YouGov poll found positive views on LTNs are three times higher than negative ones
Read the whole article here:
“The modal filter is a good proposal and I’m supporting it because reducing the traffic helps everyone”
At Grape Britannia, we can see the benefits of the modal filter. With our licence extended to allow drinking outside on our forecourt, the reduction in traffic noise and pollution from its introduction will, we hope, lead to a more positive environment for our patrons.
NOTE: Grape Britannia bar is reopening from Saturday 11th July! Initially it will be 12-10 Friday and Saturday only
Grape Britannia now have a licence for tables outside the shop
Elaine’s has been in Arbury road for 34 years now it would be great to encourage more walking and cycling for those that can, there is a lot of pollution with the volume of traffic. We have now experienced less pollution because of the lock down and the air has been so much healthier so for the residents the schools and us shop keepers I think the modal filter would be safer and healthier for us all . Elaine
Question submitted to Greater Cambridge Partnership Joint Assembly on 4th June 2020
Question regarding agenda item 10, ‘City Access Strategy, update and support for Covid-19 recovery’:
Arbury Road is a residential street with terraced homes close to narrow pavements in the easternmost section, and the 20mph speed limit is routinely flouted. It is an important link in the county cycle route network but the GCP installation of cycle lanes on the western part left a gap in cycle provision at the east end which remains dangerous for pedestrians and cyclists – especially acute when social distancing for Covid-19. The Histon Road project works are expected to flush additional cars down our street creating even more hazardous conditions and worsening air quality.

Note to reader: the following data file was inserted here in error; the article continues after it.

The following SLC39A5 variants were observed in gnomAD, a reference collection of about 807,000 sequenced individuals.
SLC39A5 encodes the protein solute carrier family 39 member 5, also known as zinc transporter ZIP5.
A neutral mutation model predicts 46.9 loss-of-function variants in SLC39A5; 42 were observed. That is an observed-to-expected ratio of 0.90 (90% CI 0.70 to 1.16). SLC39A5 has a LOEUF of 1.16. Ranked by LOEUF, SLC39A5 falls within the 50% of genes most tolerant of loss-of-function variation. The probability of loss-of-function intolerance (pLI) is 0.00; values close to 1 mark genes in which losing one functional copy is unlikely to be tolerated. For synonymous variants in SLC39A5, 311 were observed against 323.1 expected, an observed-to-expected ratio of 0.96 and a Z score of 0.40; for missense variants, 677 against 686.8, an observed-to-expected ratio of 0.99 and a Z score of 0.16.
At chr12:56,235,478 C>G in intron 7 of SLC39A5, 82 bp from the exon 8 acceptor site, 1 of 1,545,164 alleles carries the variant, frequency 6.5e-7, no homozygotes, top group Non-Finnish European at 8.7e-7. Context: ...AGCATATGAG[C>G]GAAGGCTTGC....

Agenda item 10 paras 3.5 and 3.6 says that the GCP is supporting work to identify measures to create more space for pedestrians and cyclists in response to Covid-19, however Arbury Road does not appear on the list.
The Department for Transport expects councils to use pop-up and temporary interventions to create environments that are safe for walking and cycling. They expect measures like ‘point closures’ to be used to create low-traffic filtered neighbourhoods.
Our recent survey* shows that a large majority of those who live on the road are ready and willing to try experimental or temporary schemes that would stop rat-running, reduce air pollution and improve community health. A point closure between Leys Road and the Cambridge North Academy on Arbury Road would achieve that.
Will the Joint Assembly resolve to add Arbury Road, with description ‘prohibit through movements between Cambridge North Academy and Leys Road’, to the list of schemes prioritised for implementation to enable and encourage more walking and cycling between West and East Cambridge?
Here’s the video of the question being read out (the answer comes a bit later after all the questions are read out & the discussion occurs):
Could this measure be applied to Arbury Road? There’s little sign of it at present but why not?..
Arbury Road resident Dr Cameron Petrie is interviewed and talks about the problem of speeding with journalist Josef Hall
Fast forward to 1hour 40minutes in..